Bruce Rauner: The guy running a ton of commercials on TV in his campaign for the Republican nomination for governor has ginned up a lot of support.
That’s despite the fact his campaign manager Ron Gidwitz gave $5,000 to an anti gun group in Chicago. Really. Read all about it.
Here’s his version of the “Kerry for President” crass pandering shot seeking gun owner support:
Remember this picture?
Rauner’s also been nicknamed Baron von Carhartt for wearing a Carhartt jackets in his ads, to make him look like he’s an everyday Illinoisan.
Nothing, it seems, could be further from the truth.
Ask him about the billion dollar judgement against his company…
A jury in Polk County, Florida, returned a $1.1 billion verdict last month in a case involving what was described as “corporate corruption” and “misconduct” that ultimately led to the death of a nursing home resident. The jury agreed that defendant, Trans Health Care, Inc. (THI) [Editor: Rauner’s company], deserved to be punished for such severe corporate greed that it caused Ms. Arlene Townsend to suffer for years in a nursing home that was short-staffed and under-supplied. The jury awarded $110 million in compensatory damages and $1 billion in punitive damages.
The Plaintiff’s lawyers presented evidence showing how Ms. Townsend was the victim of a scheme by an enterprise that included: New York real estate investors; financiers General Electric Capital Corporation (GECC) (a private bank) and Ventas, Inc. (a real estate investment firm); and multi-billion dollar Chicago private equity fund GTCR Golder Rauner, LLC. According to trial testimony, this group conspired to run a nursing home chain into insolvency without regard to the harm the nursing home residents would experience. Ms. Townsend was said to have been one of the victims of the Auburndale facility THI managed and operated.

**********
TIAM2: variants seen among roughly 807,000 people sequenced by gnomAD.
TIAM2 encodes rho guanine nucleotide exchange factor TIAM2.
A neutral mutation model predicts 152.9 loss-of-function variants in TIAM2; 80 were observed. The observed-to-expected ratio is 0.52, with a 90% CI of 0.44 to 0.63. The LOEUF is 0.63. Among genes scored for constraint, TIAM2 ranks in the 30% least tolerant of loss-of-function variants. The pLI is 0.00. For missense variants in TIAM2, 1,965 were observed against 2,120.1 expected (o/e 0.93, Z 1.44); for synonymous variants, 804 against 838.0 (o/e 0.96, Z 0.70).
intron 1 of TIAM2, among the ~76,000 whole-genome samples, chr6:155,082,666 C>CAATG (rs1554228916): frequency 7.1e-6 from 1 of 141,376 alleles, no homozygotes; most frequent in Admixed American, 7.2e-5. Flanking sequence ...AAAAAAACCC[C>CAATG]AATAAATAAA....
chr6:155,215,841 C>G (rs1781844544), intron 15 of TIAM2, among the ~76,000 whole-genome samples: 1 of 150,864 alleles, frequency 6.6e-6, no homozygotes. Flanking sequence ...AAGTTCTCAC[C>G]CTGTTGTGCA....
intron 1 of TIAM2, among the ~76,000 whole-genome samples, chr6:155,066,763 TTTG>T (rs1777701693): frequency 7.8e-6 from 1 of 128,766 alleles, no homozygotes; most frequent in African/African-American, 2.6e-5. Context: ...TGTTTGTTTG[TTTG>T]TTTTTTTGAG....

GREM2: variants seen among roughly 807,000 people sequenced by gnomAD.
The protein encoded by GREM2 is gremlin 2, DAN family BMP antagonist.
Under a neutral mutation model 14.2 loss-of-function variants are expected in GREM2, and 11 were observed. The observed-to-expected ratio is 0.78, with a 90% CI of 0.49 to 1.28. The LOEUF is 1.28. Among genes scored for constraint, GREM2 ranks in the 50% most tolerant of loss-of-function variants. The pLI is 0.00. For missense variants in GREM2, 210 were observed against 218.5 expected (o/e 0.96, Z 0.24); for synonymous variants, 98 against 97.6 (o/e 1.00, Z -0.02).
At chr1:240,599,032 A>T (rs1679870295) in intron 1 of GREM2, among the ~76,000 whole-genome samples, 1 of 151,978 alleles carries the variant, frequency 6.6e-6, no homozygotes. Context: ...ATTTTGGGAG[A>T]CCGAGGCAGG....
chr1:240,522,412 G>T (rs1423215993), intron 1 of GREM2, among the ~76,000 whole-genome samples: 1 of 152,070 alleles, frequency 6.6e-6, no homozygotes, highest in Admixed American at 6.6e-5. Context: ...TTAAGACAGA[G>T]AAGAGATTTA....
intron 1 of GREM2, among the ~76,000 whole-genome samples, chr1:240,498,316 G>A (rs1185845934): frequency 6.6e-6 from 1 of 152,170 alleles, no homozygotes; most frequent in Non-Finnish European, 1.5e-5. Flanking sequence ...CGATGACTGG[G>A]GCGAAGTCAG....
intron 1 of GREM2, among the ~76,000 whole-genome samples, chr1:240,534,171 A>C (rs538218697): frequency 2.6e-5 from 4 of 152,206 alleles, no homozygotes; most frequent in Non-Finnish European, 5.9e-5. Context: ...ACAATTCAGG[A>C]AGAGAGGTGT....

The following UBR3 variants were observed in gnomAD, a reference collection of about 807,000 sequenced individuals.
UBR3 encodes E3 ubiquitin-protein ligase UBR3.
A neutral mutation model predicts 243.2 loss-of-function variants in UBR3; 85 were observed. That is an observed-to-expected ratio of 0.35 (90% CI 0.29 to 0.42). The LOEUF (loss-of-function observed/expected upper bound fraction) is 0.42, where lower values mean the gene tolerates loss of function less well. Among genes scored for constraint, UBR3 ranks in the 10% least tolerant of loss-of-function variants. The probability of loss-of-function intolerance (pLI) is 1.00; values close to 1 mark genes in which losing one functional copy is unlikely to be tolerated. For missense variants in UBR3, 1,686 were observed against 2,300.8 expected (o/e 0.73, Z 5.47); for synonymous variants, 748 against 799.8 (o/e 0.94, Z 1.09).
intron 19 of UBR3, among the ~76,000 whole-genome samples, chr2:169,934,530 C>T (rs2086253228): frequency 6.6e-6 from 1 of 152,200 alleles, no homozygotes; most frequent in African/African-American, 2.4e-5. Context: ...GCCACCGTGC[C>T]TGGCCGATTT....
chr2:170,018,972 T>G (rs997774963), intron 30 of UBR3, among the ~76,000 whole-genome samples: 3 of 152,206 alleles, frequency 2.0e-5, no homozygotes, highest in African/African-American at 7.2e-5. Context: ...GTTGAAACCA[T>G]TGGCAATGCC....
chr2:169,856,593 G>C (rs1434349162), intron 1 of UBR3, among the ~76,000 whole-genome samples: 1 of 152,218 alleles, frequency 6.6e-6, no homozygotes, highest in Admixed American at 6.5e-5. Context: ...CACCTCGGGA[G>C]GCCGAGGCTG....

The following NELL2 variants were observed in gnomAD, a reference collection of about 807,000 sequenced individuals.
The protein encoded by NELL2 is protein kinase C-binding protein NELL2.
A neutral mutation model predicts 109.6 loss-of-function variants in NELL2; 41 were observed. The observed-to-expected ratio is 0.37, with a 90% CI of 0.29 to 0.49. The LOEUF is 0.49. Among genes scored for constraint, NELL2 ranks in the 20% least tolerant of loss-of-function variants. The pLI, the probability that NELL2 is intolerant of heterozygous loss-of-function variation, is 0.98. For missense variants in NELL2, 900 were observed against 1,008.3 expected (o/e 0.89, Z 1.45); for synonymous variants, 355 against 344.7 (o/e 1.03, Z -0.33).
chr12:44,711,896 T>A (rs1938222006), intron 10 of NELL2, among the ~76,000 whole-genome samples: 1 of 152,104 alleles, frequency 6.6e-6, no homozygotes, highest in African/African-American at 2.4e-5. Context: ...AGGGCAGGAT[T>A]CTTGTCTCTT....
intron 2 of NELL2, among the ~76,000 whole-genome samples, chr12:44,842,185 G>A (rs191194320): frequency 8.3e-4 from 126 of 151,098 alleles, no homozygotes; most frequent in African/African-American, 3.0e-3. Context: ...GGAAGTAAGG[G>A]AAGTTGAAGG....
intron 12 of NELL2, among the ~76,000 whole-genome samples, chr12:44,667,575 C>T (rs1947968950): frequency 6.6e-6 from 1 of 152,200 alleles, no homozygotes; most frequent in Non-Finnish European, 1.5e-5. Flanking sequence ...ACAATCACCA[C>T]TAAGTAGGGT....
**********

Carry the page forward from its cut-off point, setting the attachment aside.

From another story on the case:
“The case went beyond the nursing home’s extreme negligence that resulted in Townsend’s death and revealed its investors had conspired to run the nursing home chain into insolvency without any regard to residents’ care. Evidence showed the investors — that included . . . multi-billion dollar Chicago private equity fund GTCR Golder Rauner, LLC – set out to build their empire through a series of mergers and acquisitions with the ultimate goal of taking the company public, cashing out and making a lot of money. Not one person on the Board of Directors was a health care official which resulted [in] poor care for residents at some of their locations.”
Nice job, Bruce.
Mrs. Townsend wasn’t the only victim. No, not by a long shot.
Read the whole story here, as posted at Republican News Watch. It’s ugly. And it’s gonna be talked about for the next few days, at least.
Rauner’s GTCR linked to nursing home deaths and abuse
By DOUG IBENDAHL • January 22, 2014
Republican gubernatorial candidate Bruce Rauner pledges to run Illinois government “like a business.” In light of some disturbing facts which have come to light through multiple lawsuits involving Rauner’s former private equity firm, voters had better do their homework into what exactly the catchphrase “like a business” means to Mr. Rauner.
The nursing home industry came under serious stress in the wake of the Balanced Budget Act of 1997. The law significantly changed Medicare’s reimbursement system. Where before Medicare had reimbursed nursing homes for their costs plus a profit, now there were strict limitations on reimbursements and new regulations on how long patients could stay in nursing homes for certain conditions.
In 2000 The Wall Street Journal said: “The vultures are circling the carnage in the nursing-home industry. With some of the largest nursing-home operators under bankruptcy protection and others heading in that direction, a number of deep-pocketed investors are preparing to swoop in on the choice morsels.”
Bruce Rauner’s Chicago-based investment firm GTCR, LLC (formerly known as GTCR Golder Rauner) decided to get in on the action and one vehicle it used was Trans Healthcare Inc. (“THI”). THI’s launch to acquire nursing homes appealed to GTCR “because a new prospective payment system for Medicare was just being implemented,” said Ned Jannotta Jr., then a GTCR principal.
The end of the story sums it up nicely:
Republicans don’t have a problem with someone making money. But most Republicans do care how it’s made.